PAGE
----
Supplementary Material for: Polymorphisms in Inflammatory and Immune Response Genes Associated with Cerebral Cavernous Malformation Type 1 Severity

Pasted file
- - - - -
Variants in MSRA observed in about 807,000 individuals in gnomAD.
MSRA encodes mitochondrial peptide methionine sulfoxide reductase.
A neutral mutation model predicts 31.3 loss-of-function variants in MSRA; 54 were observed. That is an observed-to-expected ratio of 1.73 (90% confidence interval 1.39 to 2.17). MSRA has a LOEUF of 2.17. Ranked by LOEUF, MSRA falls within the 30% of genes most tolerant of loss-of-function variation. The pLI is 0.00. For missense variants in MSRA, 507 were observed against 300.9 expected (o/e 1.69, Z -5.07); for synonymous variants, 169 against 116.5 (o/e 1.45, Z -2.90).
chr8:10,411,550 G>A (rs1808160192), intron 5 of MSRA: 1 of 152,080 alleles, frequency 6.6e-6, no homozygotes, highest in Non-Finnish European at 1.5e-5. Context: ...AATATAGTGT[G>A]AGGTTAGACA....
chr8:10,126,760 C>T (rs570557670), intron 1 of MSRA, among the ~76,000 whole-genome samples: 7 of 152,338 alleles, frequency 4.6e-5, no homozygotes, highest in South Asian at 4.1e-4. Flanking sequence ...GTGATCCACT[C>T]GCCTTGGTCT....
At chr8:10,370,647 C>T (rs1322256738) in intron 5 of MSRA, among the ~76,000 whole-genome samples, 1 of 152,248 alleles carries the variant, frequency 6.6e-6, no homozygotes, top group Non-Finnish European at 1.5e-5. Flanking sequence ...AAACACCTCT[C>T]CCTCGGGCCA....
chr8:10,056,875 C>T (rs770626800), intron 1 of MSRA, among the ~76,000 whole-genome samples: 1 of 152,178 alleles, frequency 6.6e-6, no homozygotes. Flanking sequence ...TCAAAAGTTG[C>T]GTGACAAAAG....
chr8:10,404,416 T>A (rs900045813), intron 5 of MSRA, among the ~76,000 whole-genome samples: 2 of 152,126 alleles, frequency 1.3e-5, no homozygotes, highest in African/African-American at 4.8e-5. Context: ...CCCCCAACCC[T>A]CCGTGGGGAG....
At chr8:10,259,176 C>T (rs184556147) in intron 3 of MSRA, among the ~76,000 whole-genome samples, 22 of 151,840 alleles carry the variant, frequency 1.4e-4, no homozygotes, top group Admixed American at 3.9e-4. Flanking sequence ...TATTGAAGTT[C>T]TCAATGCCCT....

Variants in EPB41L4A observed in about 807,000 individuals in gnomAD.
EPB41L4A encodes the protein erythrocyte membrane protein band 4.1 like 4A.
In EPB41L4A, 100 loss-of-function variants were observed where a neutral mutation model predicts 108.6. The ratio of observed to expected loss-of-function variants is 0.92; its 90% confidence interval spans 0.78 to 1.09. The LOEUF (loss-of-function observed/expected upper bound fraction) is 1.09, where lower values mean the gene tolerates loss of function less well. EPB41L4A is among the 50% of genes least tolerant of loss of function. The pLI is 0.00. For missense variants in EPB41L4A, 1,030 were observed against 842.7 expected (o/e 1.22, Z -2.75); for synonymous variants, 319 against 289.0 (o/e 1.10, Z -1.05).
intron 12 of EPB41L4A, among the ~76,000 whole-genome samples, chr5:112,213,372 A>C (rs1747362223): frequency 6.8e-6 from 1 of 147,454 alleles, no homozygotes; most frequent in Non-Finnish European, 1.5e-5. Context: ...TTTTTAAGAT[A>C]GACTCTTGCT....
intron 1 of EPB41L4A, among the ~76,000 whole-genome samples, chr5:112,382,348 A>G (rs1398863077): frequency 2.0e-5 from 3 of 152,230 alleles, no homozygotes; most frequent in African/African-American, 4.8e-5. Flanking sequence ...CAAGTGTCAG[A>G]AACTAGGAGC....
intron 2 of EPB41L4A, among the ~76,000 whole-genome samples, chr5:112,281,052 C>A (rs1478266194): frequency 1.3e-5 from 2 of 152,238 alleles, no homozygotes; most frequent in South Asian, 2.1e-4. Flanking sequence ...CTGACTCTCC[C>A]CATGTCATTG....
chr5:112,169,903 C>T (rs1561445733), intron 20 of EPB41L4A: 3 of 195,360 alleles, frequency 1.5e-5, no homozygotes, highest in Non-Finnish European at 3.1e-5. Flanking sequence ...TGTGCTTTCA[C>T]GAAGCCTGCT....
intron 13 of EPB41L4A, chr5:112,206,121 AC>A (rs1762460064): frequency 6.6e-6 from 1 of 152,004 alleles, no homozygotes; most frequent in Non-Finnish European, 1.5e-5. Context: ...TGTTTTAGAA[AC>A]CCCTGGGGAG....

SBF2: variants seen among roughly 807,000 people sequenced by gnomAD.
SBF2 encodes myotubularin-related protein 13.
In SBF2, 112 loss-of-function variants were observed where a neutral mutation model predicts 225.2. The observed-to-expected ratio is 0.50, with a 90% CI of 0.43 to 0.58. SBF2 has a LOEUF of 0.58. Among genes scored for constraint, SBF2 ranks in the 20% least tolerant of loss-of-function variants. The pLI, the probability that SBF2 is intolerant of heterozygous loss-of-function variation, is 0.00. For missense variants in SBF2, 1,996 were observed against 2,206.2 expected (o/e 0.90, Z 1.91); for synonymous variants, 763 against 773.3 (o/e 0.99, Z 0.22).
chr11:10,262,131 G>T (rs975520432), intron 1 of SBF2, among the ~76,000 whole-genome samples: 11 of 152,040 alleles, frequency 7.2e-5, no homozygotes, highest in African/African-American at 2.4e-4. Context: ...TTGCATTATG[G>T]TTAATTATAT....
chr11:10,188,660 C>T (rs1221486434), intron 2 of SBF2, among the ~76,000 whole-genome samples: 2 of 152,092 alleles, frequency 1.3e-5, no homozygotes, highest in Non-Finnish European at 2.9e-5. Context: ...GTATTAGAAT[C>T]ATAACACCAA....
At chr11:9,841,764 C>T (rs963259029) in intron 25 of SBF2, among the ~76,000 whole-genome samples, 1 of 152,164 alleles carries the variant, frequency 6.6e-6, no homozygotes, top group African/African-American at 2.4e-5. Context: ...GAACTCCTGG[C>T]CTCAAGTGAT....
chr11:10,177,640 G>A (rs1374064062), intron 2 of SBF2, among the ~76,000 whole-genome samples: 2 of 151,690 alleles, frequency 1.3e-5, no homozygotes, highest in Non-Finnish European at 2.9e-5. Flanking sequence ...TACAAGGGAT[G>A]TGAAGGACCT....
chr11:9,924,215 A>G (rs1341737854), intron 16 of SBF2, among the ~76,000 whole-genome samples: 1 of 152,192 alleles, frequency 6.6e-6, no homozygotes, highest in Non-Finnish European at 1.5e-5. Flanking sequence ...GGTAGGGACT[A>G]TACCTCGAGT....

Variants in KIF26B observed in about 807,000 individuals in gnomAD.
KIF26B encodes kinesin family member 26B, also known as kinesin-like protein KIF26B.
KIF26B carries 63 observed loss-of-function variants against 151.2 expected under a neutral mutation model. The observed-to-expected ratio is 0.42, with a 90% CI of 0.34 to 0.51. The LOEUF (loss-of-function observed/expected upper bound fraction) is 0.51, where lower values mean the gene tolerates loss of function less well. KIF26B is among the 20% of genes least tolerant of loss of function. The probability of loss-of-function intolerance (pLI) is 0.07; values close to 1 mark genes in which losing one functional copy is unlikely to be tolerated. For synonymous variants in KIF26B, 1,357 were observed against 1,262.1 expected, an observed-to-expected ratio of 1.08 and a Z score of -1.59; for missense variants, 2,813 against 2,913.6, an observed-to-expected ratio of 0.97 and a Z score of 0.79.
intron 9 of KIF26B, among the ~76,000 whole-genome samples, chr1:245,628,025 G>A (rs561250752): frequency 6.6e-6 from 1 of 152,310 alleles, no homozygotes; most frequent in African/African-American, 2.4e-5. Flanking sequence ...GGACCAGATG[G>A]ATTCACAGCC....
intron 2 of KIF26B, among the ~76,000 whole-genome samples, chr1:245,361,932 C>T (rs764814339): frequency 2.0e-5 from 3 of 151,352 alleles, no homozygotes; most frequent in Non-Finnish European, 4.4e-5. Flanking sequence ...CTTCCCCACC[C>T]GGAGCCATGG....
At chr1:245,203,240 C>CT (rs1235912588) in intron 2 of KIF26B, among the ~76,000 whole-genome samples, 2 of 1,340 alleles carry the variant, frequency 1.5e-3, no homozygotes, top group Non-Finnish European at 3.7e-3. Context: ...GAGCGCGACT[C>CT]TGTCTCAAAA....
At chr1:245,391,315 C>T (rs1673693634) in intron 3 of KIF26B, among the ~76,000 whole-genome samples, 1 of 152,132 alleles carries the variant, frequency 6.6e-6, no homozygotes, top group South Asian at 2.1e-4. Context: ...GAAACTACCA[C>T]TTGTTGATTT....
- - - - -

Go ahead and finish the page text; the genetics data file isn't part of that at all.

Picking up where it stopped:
<b><i>Background:</i></b> Familial cerebral cavernous malformation type 1 (CCM1) is an autosomal dominant disease caused by mutations in the Krev Interaction Trapped 1 <i>(KRIT1/CCM1)</i> gene, and characterized by multiple brain lesions that often result in intracerebral hemorrhage (ICH), seizures, and neurological deficits. Carriers of the same genetic mutation can present with variable symptoms and severity of disease, suggesting the influence of modifier factors. Evidence is emerging that inflammation and immune response play a role in the pathogenesis of CCM. The purpose of this study was to investigate whether common variants in inflammatory and immune response genes influence the severity of familial CCM1 disease, as manifested by ICH and greater brain lesion count. <b><i>Methods:</i></b> Hispanic CCM1 patients (n = 188) harboring the founder Q455X ‘common Hispanic mutation' (CHM) in the <i>KRIT1 </i>gene were analyzed at baseline. Participants were enrolled between June 2010 and March 2014 either through the Brain Vascular Malformation Consortium (BVMC) study or through the Angioma Alliance organization. Clinical assessment and cerebral susceptibility-weighted magnetic resonance imaging were performed to determine ICH as well as total and large (≥5 mm in diameter) lesion counts. Samples were genotyped on the Affymetrix Axiom Genome-Wide LAT1 Human Array. We analyzed 830 variants in 56 inflammatory and immune response genes for association with ICH and residuals of log-transformed total or large lesion count adjusted for age at enrollment and gender. Variants were analyzed individually or grouped by sub-pathways or whole pathways. <b><i>Results:</i></b> At baseline, 30.3% of CCM1-CHM subjects had ICH, with a mean w standard deviation (SD) of 60.1 w 115.0 (range 0-713) for total lesions and 4.9 w 8.7 (range 0-104) for large lesions. The heritability estimates explained by all autosomal variants were 0.20 (SE = 0.31), 0.81 (SE = 0.17), and 0.48 (SE = 0.19), for ICH, total lesion count, and large lesion count, respectively. <i>TGFBR2 </i>rs9823731 was significantly associated with ICH as well as with the total and large lesion counts (p ≤ 0.017). Further, <i>IL-4</i> rs9327638, <i>CD14</i> rs778588, <i>IL-6R </i>rs114660934 and <i>MSR1</i> rs62489577 were associated with two markers of disease severity. Finally, the whole pathway was associated with total lesion count (p = 0.005) with <i>TLR-4 </i>rs10759930, <i>CD14</i> rs778588, <i>IL-6R </i>rs114660934 and IGH rs57767447 mainly bearing this association. Eicosanoid signaling, extracellular pattern recognition, and immune response sub-pathways were also associated with the total lesion count. <b><i>Conclusions:</i></b> These results suggest that polymorphisms in inflammatory and immune response pathways contribute to variability in CCM1 disease severity and might be used as predictors of disease severity. In particular, <i>TGFBR2</i> rs9823731 was associated with all three markers of CCM1 disease severity tested, suggesting that TGFBR2 might be a key participant in the mechanism underlying CCM1 disease severity and phenotype variability. However, further longitudinal studies in larger sample sizes are needed to confirm these findings. i 2014 S. Karger AG, Basel